Isif names Nick Ashmore as new chief

Investment vehicle is effectively a State sovereign wealth fund

Nick Ashmore, chief executive of the Strategic Banking Corporation of Ireland

Nick Ashmore, chief executive of the Strategic Banking Corporation of Ireland

 

The Ireland Strategic Investment Fund (Isif), the State’s €10.5 billion sovereign wealth fund, said Nick Ashmore, currently chief executive of the Strategic Banking Corporation of Ireland (SBCI), would become its next director early next year.

Mr Ashmore succeeds Eugene O’Callaghan, who announced in August that he was planning to step down. Mr O’Callaghan had led Isif and its predecessor, the National Pensions Reserve Fund, for a decade since 2010, assuming the role as the State experienced a financial crisis.

Both Isif and SBCI fall under the umbrella of the National Treasury Management Agency.

Mr Ashmore, who joined the NTMA in 2006 to be part of the National Pensions Reserve Fund team before ultimately becoming the fund’s deputy director, was picked in 2014 to lead the setting-up of SBCI. He subsequently became its chief executive.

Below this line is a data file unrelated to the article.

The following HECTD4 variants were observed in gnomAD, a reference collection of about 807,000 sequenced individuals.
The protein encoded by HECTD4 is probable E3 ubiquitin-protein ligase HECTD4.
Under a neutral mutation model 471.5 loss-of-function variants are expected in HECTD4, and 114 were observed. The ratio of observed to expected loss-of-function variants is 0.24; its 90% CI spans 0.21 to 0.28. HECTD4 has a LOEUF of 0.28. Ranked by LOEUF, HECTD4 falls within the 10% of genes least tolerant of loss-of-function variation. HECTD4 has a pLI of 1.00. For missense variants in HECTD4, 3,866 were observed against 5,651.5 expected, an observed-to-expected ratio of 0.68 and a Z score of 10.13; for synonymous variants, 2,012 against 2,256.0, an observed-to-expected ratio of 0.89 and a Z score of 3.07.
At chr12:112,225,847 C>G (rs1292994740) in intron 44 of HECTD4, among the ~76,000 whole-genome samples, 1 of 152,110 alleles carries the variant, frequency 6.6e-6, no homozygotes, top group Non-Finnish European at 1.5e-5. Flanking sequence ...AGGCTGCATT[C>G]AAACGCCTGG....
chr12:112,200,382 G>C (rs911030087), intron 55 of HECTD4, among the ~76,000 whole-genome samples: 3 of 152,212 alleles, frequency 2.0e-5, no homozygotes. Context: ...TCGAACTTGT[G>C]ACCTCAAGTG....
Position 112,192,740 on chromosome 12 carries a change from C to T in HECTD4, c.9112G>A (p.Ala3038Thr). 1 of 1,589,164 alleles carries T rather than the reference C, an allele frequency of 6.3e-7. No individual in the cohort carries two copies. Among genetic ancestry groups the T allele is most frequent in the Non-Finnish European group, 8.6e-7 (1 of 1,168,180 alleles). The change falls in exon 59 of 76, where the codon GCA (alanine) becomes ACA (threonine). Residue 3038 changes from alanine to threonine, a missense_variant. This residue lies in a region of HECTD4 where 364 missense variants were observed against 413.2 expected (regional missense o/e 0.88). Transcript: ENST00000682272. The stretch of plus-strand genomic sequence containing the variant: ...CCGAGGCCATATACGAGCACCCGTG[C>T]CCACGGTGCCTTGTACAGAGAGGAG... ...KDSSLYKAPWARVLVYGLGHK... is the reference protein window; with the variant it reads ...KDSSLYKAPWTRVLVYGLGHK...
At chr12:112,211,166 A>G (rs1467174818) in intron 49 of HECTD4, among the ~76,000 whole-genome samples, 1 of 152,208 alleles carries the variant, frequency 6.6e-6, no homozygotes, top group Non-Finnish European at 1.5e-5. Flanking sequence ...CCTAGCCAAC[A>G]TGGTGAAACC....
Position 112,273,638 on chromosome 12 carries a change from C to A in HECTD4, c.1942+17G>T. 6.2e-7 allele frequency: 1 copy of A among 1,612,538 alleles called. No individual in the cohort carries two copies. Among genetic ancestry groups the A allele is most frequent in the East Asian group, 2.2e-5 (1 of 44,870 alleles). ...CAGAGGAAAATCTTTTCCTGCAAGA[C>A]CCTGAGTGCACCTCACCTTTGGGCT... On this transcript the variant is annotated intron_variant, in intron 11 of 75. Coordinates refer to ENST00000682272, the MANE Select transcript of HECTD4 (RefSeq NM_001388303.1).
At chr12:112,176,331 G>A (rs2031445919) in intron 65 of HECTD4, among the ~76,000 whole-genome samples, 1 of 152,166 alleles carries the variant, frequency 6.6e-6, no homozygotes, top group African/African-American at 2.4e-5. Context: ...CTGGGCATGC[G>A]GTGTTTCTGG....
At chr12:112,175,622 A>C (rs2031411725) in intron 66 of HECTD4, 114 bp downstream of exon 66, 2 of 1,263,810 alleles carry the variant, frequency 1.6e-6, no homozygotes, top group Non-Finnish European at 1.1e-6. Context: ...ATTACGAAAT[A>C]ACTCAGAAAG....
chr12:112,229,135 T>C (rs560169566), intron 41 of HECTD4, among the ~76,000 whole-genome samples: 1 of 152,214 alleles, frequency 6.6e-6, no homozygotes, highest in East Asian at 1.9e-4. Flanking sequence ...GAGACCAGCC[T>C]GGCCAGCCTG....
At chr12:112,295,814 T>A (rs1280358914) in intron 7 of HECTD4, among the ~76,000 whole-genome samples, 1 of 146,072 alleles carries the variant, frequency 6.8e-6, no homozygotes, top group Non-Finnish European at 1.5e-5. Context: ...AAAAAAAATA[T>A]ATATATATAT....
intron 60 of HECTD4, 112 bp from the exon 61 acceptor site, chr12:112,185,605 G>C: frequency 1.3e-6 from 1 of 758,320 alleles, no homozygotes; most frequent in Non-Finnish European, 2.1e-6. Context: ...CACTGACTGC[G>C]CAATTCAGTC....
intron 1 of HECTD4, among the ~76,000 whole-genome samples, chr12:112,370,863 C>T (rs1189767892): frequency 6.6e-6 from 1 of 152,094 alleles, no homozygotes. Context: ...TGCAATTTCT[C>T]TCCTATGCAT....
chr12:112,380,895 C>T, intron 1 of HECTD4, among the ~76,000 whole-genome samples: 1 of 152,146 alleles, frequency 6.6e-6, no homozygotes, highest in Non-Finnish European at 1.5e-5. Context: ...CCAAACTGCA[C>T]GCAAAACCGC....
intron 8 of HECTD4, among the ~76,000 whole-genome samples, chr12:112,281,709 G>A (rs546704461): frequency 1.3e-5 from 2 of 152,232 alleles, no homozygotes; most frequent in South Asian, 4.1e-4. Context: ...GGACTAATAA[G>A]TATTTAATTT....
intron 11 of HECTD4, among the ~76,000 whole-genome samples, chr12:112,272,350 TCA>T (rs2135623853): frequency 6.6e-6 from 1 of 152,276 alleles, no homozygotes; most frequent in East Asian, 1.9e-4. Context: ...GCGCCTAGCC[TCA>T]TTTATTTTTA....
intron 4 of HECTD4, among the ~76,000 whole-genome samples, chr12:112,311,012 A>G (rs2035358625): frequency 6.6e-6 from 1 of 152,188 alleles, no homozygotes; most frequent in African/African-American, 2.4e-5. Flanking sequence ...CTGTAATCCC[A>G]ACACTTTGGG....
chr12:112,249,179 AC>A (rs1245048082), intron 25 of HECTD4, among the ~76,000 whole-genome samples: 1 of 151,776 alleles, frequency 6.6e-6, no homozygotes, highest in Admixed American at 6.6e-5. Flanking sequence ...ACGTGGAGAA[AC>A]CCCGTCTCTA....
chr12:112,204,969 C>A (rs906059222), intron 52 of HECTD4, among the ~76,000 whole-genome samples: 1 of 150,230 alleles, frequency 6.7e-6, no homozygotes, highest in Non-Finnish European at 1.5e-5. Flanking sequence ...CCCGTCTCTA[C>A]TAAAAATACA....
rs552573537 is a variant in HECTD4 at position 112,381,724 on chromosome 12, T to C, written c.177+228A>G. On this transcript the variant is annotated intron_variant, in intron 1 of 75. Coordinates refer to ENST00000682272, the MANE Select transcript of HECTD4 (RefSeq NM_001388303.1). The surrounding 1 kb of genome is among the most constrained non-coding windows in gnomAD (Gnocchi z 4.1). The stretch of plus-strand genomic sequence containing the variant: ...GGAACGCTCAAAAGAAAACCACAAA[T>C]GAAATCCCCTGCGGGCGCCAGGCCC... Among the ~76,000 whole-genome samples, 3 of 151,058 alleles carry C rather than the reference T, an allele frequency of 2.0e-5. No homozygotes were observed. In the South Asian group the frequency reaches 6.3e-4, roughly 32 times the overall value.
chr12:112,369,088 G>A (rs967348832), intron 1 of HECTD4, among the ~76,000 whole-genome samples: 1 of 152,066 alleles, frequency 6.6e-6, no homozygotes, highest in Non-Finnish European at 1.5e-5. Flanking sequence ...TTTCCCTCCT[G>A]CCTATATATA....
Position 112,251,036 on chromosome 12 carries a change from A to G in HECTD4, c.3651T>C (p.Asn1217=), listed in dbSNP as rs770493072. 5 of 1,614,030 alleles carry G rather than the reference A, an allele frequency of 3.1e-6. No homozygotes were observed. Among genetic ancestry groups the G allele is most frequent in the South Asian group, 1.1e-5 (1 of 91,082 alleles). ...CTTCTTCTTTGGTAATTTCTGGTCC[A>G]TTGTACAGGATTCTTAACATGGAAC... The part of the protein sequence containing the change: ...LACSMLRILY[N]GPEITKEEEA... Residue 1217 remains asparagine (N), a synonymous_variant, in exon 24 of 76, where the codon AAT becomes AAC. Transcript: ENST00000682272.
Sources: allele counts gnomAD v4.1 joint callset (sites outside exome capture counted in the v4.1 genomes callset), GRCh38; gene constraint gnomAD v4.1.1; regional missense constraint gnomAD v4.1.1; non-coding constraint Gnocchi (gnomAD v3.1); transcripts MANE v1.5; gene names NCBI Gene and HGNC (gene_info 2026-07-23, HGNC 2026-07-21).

Before joining the NTMA, Mr Ashmore was an investment manager with Greenaap Consultants Limited, a private family office. He is a graduate of the University of Aberdeen and a member of the Scottish Institute of Chartered Accountants.

The process to find his successor at SBCI will start in early 2021.

Isif is effectively a State sovereign wealth fund, responsible for holding Irish taxpayer stakes in bailed-out banks and investing on a commercial basis in areas of Government interest, from housing to addressing climate change.

Following the arrival of Covid-19, the then government asked it to oversee a €2 billion fund to support large businesses hit by the pandemic.

Billions of euro have been knocked off the value of Isif’s combined stakes in AIB, Bank of Ireland and Permanent TSB this year as a result of the pandemic and the ongoing effect of ultra-low central bank rates, which have been squeezing lending margins in recent years.

The Iseq financial index, dominated by the banks, has fallen almost 27 per cent since the end of 2019.